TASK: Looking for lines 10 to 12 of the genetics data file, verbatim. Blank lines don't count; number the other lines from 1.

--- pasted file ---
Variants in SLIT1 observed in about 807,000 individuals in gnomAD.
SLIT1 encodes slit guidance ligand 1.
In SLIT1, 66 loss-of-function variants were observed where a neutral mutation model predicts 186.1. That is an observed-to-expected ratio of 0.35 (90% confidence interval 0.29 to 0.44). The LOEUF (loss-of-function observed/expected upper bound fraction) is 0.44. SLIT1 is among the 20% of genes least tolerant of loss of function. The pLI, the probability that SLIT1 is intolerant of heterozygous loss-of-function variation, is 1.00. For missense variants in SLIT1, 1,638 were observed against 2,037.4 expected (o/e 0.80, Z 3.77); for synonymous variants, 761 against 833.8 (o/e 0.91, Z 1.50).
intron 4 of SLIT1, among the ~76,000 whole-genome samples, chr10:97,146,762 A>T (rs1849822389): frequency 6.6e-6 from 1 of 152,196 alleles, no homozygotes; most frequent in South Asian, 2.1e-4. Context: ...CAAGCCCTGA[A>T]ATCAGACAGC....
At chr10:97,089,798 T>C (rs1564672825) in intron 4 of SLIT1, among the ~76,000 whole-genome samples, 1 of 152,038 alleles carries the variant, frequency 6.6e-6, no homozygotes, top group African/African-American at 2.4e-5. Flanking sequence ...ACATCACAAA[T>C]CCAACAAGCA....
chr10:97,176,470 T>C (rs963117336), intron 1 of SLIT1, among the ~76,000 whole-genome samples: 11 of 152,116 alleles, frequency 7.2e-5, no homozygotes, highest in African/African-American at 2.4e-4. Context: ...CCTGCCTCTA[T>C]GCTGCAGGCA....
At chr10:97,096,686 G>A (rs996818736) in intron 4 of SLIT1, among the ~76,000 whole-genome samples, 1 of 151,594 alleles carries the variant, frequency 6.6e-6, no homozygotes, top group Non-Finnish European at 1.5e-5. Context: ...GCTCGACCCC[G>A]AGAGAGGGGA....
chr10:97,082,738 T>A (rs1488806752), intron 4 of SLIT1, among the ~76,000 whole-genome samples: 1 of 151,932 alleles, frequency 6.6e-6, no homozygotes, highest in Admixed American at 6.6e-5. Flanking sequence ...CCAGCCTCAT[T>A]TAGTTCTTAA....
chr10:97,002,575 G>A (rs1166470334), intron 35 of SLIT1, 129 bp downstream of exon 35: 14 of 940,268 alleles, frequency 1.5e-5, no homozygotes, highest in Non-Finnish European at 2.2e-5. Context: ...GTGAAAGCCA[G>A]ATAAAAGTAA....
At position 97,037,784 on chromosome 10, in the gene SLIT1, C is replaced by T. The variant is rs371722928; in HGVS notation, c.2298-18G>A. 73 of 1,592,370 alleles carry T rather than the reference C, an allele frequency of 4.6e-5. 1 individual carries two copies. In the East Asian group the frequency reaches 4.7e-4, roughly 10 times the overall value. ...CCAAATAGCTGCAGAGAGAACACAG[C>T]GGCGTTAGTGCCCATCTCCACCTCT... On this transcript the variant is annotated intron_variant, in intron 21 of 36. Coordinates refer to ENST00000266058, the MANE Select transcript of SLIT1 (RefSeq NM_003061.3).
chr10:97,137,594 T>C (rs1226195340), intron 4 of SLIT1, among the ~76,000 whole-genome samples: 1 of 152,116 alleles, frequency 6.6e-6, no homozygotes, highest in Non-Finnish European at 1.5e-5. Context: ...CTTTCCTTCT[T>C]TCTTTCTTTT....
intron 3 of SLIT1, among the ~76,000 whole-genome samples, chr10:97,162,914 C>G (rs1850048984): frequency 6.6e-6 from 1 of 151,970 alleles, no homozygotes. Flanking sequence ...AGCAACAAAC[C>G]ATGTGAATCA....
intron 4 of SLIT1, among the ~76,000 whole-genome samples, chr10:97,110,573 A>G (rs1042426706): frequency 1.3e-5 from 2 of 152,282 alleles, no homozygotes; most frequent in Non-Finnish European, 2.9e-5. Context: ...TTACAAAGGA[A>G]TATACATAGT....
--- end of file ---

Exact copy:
At position 97,037,784 on chromosome 10, in the gene SLIT1, C is replaced by T. The variant is rs371722928; in HGVS notation, c.2298-18G>A. 73 of 1,592,370 alleles carry T rather than the reference C, an allele frequency of 4.6e-5. 1 individual carries two copies. In the East Asian group the frequency reaches 4.7e-4, roughly 10 times the overall value. ...CCAAATAGCTGCAGAGAGAACACAG[C>T]GGCGTTAGTGCCCATCTCCACCTCT... On this transcript the variant is annotated intron_variant, in intron 21 of 36. Coordinates refer to ENST00000266058, the MANE Select transcript of SLIT1 (RefSeq NM_003061.3).
chr10:97,137,594 T>C (rs1226195340), intron 4 of SLIT1, among the ~76,000 whole-genome samples: 1 of 152,116 alleles, frequency 6.6e-6, no homozygotes, highest in Non-Finnish European at 1.5e-5. Context: ...CTTTCCTTCT[T>C]TCTTTCTTTT....
intron 3 of SLIT1, among the ~76,000 whole-genome samples, chr10:97,162,914 C>G (rs1850048984): frequency 6.6e-6 from 1 of 151,970 alleles, no homozygotes. Flanking sequence ...AGCAACAAAC[C>G]ATGTGAATCA....